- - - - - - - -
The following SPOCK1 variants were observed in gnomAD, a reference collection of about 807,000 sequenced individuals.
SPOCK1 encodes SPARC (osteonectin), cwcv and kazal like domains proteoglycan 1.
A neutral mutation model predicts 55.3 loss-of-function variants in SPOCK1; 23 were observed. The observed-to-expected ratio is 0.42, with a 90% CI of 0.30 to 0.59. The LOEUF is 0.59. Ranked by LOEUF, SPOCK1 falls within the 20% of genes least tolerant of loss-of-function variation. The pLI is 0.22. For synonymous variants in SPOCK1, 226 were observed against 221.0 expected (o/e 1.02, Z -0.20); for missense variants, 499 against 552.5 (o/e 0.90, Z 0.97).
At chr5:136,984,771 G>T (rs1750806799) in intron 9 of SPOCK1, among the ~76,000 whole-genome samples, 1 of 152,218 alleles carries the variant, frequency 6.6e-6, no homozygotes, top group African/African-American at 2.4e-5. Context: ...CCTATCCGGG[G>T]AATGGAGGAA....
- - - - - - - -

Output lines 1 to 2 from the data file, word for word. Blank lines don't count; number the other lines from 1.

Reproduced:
The following SPOCK1 variants were observed in gnomAD, a reference collection of about 807,000 sequenced individuals.
SPOCK1 encodes SPARC (osteonectin), cwcv and kazal like domains proteoglycan 1.